• 482.4 miles of mainline (and associated appurtenances) between the northern interconnect in Tallapoosa County, Alabama and the southern interconnect in Osceola County, Florida;
  • Alexander City Compressor Station in Tallapoosa County, Alabama;
  • Reunion Compressor Station in Osceola County, Florida; and
  • Transco Hillabee, Gulfstream, and FSC Meter and Regulator Station
  • FPL says the state’s other two pipelines are at capacity, and it needs more cheap, clean natural gas to generate electricity for the state’s growing population. FPL’s transition to natural gas to produce about 70 percent of its power has enabled the company to retire older oil and coal-burning plants.The project has been widely opposed by environmental groups and residents of the communities along the route. They have asserted that the pipeline will harm the Florida Aquifer, which supplies water to millions of people in Florida and Georgia, and could damage wetlands, scenic rivers and wildlife habitat and pose a safety threat

 

 

 

 

 

 

 

 

 

 

 

 

Nuclear regulators inspecting FPL’s Turkey Point plant after small explosion

FPL’s Turkey Point plant overlooks Biscayne Bay.

The Nuclear Regulatory Commission began a special inspection Wednesday at Florida Power & Light’s Turkey Point nuclear power plant to assess the failure of a safety-related electrical bus that resulted in the plant declaring an alert.

The plant is located near Homestead, Fla., about 25 miles south of Miami.

Saturday, an electrical fault occurred in a Unit 3 switchgear room, resulting in the loss of a safety related electrical bus — similar to a circuit breaker —  and a reactor trip. Other safety systems functioned as required, ensuring adequate reactor cooling. There was no threat to local residents or the environment, and the alert, the second-lowest NRC emergency declaration, was terminated later that same day.

The electrical fault, which caused an arc flash, or small explosion, also damaged a nearby fire door, which may have left other safety systems vulnerable had there been a fire. A plant worker who was in the room was injured and was treated at a local hospital.

“This was an event that could have had serious safety consequences and we need to know more about what happened and why,” said NRC Region II Administrator Cathy Haney. “We felt a special inspection was warranted to gather more information and also determine if there are generic issues that may apply to other plants.”

FPL spokesman Peter Robbins said Wednesday,”This was an electrical spark that occurred on the non-nuclear side of the power plant.”

Public safety was not compromised, Robbins said.

“This inspection is an opportunity for us to share with the NRC what happened on Saturday and walk through the details, both the equipment performance and the action our operators took,” Robbins said.

The three-member special inspection team will be headed by a senior reactor inspector from the NRC’s Region II office in Atlanta. The team will develop a detailed timeline of the event, review the plant response and operator actions as well as the design and operation of the fire protection features associated with the switchgear room. It will also review the plant’s fire brigade and emergency preparedness response and assess FPL’s actions to determine the root cause of the event.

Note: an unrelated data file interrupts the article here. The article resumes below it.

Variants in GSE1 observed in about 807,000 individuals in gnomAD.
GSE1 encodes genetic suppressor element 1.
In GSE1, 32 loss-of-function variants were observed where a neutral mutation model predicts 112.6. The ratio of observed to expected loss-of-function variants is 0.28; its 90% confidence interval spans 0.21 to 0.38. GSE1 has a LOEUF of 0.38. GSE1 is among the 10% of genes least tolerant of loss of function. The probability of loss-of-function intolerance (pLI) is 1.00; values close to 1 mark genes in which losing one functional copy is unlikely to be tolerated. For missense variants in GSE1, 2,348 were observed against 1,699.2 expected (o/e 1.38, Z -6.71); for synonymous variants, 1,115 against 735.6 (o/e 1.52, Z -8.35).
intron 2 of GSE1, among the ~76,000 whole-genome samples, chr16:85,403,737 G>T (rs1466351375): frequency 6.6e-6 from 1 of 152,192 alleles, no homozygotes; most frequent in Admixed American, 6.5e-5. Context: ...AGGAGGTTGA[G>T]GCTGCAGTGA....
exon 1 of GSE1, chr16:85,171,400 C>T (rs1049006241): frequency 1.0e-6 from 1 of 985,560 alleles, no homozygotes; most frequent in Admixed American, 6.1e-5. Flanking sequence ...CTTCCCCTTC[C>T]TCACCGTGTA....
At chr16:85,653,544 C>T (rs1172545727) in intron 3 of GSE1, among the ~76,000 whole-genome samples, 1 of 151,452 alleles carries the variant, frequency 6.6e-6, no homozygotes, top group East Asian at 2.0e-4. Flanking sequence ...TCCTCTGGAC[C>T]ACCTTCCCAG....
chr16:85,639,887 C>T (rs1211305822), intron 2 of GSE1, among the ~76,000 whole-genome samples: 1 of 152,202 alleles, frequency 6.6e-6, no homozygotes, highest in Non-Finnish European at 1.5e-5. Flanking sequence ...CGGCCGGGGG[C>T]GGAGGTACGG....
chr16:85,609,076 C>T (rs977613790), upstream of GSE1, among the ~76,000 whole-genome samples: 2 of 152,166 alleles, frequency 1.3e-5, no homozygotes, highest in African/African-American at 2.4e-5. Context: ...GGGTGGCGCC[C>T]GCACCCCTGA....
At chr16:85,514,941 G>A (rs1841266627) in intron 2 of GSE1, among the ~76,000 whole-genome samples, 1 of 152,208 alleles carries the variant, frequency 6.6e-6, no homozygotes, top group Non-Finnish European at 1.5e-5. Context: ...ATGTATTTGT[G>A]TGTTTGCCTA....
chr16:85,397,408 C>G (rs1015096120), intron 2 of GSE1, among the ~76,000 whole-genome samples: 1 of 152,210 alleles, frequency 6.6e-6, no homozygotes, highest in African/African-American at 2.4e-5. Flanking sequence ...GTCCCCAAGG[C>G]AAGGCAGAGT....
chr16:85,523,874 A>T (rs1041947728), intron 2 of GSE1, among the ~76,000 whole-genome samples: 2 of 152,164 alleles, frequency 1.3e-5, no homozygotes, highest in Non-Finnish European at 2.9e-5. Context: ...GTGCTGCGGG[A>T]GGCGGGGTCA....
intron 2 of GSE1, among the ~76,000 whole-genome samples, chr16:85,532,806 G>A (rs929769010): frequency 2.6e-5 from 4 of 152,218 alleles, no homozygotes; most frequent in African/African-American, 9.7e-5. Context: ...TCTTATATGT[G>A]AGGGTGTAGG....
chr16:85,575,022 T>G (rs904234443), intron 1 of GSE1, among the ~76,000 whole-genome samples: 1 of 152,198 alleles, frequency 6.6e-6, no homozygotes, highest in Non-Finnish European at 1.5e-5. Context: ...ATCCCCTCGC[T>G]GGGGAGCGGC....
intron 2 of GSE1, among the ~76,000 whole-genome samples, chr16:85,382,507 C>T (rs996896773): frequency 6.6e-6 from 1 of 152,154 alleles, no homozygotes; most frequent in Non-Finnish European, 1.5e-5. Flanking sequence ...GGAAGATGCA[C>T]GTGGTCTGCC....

The on-site portion of the inspection will take several days. A report documenting the results should be issued within 45 days of the completion of the inspection.

 

 

Black & Veatch, Blattner Energy to build eight new FPL solar plants

FPL Babcock Ranch Solar Energy Center in Charlotte County is one of three solar power plants FPL completed in 2016. Provided.

Florida Power & Light Company said Wednesday that it has selected Blattner Energy and Black & Veatch – two of the nation’s premiere providers of renewable energy engineering, procurement and construction  services – to build its new universal solar projects.

Blattner Energy, headquartered in Avon, Minn.,  will be the contractor for four 74.5-megawatt solar power plants targeted for Dec. 31, 2017, completion: FPL Coral Farms Solar Energy Center, Putnam County; FPL Horizon Solar Energy Center, Alachua and Putnam Counties; FPL Indian River Solar Energy Center, Indian River County; and FPL Wildflower Solar Energy Center, DeSoto County.

Overland Park, Kan.-based Black & Veatch will be the  contractor for four 74.5  solar power plants targeted for March 1, 2018, completion: FPL Barefoot Bay Solar Energy Center, Brevard County; FPL Blue Cypress Solar Energy Center, Indian River County; FPL Hammock Solar Energy Center, Hendry County; and FPL Loggerhead Solar Energy Center, St. Lucie County. Construction on these sites will be performed by Overland Contracting Inc., a Black & Veatch company.

Construction on the projects estimated to cost $900 million  is expected to begin this spring. At the height of construction, each of the sites is expected to employ about 200 people, for a total of approximately 1,600 jobs.

When completed, the new plants combined are expected to generate enough energy to power approximately 120,000 homes and prevent an average of more than 525,000 tons of carbon emissions annually. This level of greenhouse gas reduction is equivalent to the emissions from more than 100,000 vehicles or the carbon sequestered by more than 450,000 acres of forest, according to the U.S. Environmental Protection Agency.

FPL already operates more than 335 megawatts of solar energy facilities.